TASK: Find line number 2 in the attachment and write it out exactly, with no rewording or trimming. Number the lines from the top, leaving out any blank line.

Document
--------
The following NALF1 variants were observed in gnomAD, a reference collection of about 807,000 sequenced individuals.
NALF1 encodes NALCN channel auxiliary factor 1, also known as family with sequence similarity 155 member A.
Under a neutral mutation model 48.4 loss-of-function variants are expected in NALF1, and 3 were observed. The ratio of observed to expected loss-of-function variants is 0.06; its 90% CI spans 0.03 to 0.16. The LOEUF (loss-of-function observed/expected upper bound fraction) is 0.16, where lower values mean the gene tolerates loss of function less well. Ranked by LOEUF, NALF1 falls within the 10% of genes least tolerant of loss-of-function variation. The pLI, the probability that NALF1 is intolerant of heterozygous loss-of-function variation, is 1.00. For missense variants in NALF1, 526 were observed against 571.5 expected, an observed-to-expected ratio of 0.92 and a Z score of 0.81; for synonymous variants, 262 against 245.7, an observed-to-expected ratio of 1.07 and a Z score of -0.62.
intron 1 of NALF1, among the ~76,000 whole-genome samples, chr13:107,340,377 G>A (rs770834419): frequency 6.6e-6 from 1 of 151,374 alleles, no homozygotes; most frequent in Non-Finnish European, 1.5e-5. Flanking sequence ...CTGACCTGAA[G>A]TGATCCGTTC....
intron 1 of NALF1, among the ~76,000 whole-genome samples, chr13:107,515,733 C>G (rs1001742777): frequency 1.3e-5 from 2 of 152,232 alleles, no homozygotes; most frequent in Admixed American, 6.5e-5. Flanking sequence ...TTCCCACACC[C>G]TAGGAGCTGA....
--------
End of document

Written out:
NALF1 encodes NALCN channel auxiliary factor 1, also known as family with sequence similarity 155 member A.